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yoga at dia
by Susan Hapgood
Twelve Basic Postures:
participating at the same time
Warming up during the Sun salutation (Surya Namaskar)
Twelve Basic Postures:
participating at the same time
Relaxing in Savasanposture
Earlier this year, in late spring, something remarkable happened on the roof of the Dia Center for the Arts. The artist team of Benita and Immanuel Grosser, (who make art together as Benita-Immanuel Grosser) taught a series of yoga classes. You're thinking, "So what?"
As time-based participatory art, their work is deceptively simple. The Grossers teach yoga as an ongoing art project. The audience for their work is asked to suspend judgment, at least temporarily, and take part, following whatever instructions they receive from the artists. At Dia -- specifically, within Dan Graham's rooftop sculpture pavilion entitled Two Way Mirror Cylinder Inside Cube (1981-1991) -- the activity seemed conceptually clean. The fusion of art-making practice and yoga was seamless. It was even exhilarating.
On the day I decided to participate, the sky threatened rain. Now I have visited Graham's pavilion many times before, since I live only two blocks away. But this time everything was different. Stepping up onto the platform of wood planks in bare feet was already a much more intimate and sensory approach than usual. Due to the weather, only a few people showed up for the class, but we immediately began to work together as a collaborative body, following our teacher's instructions. We unfolded and spread out a large cloth tarp, marking our collective territory. Then we unrolled individual mats on top of the tarp, and lay down to begin yoga. Each person with their own individually delineated space, placed on the collective plane marked by the tarp, within the sculptural environment surrounded by glass walls, in a relaxed position. Certainly not the customary way to experience Graham's architectural sculpture, let alone contemporary art.
We began with tensing exercises, focusing on our bodies, our breathing and on clearing our minds of irrelevant thoughts. Together, we chanted and gradually proceeded according to the teacher's instructions to assume the 12 basic postures of yoga. It was a meditative, intensely focused experience, centering on strenuous stretching and rhythmic breathing for about two hours. My self-consciousness, while omnipresent, merged with immediate perceptions, gradually alleviating any initial discomfort about performing in a public space.
I felt secure, protected with others within our own space, separated from the few passing observers by the transparent walls. I became hyperaware of incidental details -- the sound of a jet flying overhead, an oddly shaped water-tower on a distant rooftop. I keenly perceived the sensations of a gentle breeze cooling my skin while increased blood flow warmed my torso. There was an odd disjunction between my internal concentration, which nearly engulfed my perceptions, and the occasional external sensations, which came as sudden clear experiences.
Since I had never practiced yoga before, I cannot say how this project compares to the typical yoga experience. It both energized me and induced a sense of calm at the same time. What I was most interested in was how it altered the art experience. Without banging you over the head, but rather by physically and mentally channeling your invested energies, this project upends western value systems, and shapes and heightens your experience in a way that invariably makes you question whatever preconceptions you may harbor about art.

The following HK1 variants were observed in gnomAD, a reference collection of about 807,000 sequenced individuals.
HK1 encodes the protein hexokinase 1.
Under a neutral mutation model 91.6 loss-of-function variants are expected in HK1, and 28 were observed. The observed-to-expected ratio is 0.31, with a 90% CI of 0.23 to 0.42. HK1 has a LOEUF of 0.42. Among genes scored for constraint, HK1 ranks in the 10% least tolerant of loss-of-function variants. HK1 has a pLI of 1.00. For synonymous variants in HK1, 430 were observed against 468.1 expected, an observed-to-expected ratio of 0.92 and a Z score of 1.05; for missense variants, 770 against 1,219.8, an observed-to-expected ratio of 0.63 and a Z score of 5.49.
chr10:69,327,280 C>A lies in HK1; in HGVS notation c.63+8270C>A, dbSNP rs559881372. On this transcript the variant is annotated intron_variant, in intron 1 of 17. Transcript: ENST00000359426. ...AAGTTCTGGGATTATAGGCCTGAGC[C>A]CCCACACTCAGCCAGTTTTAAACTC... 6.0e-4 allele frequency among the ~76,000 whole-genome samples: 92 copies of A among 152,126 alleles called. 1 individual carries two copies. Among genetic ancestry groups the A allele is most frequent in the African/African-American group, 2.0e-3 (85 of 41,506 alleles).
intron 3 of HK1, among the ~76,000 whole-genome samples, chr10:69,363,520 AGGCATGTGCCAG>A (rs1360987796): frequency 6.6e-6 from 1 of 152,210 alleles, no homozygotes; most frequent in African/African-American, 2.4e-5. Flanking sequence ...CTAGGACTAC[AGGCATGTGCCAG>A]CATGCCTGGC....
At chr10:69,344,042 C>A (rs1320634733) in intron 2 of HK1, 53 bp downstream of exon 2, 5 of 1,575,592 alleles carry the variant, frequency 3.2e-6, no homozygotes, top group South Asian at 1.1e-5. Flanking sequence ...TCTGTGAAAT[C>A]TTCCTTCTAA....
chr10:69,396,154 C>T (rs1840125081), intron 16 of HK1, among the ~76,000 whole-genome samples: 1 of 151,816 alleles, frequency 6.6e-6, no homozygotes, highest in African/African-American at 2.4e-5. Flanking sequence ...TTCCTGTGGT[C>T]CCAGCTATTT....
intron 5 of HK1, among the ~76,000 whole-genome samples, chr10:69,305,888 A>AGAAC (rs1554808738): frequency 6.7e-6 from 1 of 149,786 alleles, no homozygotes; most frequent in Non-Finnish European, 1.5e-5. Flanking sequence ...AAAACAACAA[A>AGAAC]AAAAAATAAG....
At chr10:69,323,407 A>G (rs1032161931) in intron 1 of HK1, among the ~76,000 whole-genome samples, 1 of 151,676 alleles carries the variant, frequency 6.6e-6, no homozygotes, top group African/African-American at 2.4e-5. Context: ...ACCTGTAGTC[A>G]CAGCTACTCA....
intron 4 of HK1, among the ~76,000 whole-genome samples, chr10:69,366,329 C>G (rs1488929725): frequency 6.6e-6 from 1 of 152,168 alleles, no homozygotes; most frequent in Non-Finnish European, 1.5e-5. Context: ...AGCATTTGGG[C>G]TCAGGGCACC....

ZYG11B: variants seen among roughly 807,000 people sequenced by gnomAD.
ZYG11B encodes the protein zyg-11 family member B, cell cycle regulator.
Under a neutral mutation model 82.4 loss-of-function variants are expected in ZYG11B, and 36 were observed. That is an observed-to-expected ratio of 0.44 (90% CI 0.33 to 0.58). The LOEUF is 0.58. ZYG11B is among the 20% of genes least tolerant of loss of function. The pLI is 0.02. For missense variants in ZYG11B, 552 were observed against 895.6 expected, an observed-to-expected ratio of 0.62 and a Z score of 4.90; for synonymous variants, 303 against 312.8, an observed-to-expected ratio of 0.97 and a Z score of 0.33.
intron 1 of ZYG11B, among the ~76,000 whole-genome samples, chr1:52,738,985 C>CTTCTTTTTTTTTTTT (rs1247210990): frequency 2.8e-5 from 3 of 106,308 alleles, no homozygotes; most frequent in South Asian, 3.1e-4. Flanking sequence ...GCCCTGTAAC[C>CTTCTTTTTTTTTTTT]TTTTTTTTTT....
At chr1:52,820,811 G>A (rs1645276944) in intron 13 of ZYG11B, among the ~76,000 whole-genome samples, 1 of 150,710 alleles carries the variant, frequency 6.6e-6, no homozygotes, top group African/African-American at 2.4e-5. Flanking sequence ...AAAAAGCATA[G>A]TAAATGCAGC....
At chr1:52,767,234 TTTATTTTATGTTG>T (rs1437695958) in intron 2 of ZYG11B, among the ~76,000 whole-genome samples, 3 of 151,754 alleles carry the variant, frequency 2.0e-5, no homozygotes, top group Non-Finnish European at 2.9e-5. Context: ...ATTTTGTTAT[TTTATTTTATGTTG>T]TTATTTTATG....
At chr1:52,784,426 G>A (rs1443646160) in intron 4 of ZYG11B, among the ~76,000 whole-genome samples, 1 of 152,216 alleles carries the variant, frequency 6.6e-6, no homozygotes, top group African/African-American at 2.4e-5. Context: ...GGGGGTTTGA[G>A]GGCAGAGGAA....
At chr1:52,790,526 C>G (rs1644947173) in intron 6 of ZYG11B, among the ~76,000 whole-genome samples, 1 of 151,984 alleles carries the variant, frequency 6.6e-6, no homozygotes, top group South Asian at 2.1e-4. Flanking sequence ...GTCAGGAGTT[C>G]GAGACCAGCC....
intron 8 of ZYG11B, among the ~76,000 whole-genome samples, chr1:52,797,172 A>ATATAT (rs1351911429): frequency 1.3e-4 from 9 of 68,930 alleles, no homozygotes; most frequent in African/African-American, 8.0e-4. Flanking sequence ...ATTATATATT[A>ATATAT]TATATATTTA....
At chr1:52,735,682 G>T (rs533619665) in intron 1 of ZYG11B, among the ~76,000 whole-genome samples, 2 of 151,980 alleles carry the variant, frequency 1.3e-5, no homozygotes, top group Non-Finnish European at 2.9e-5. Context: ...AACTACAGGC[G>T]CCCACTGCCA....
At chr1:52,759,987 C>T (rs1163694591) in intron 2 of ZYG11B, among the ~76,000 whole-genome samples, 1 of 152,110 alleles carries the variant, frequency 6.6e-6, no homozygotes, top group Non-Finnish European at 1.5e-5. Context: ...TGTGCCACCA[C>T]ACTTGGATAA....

The Grossers are not alone in their endeavors. They are part of a broader current that has been identified variously as "relational esthetics" (by French curator Nicholas Bourriaud) as "participatory art" (by New York Times art critic Roberta Smith) or perhaps as service-oriented "project work" (by artist Andrea Fraser). Such art actively engages its audience, and steers beyond the insular confines of the traditional art system with its discrete and marketable objects. Among its practitioners can be counted artists such as Rirkrit Tiravanija, Andrea Fraser, Ben Kinmont, Paula Hayes, Laurie Parsons, Christine Hill, Lincoln Tobier and Charles Long, whose various practices may be seen as extensions of the body and process art of the 1960s and '70s, as well as of Joseph Beuys' concept of "social sculpture," defined as "how we mold and shape the world in which we live."
Why now? My guess is that the economy has something to do with it. After the excessive materialism of the previous decade, and then the forced austerities of the early '90s, artists turned to each other for community. After all, we are intensely social, communicative animals. In this regard, the present technological revolution is permeating our culture. Our instinctive behavior, as social animals, is facilitated and magnified by technology's ease of interaction, by our casual and frequent connections. This overwhelming change in our lives is reflected by many contemporary artists, who of course make art for the Internet; but also, they are accentuating communication, interaction, and participation as essential and constitutive qualities of all of their work.
"Participating at the same time" by Benita-Immanuel Grosser was offered in May and June 1997 at Dan Graham's Rooftop Urban Park Project, 1991, at the Dia Center for the Arts.
SUSAN HAPGOOD is an independent curator and art critic living in New York.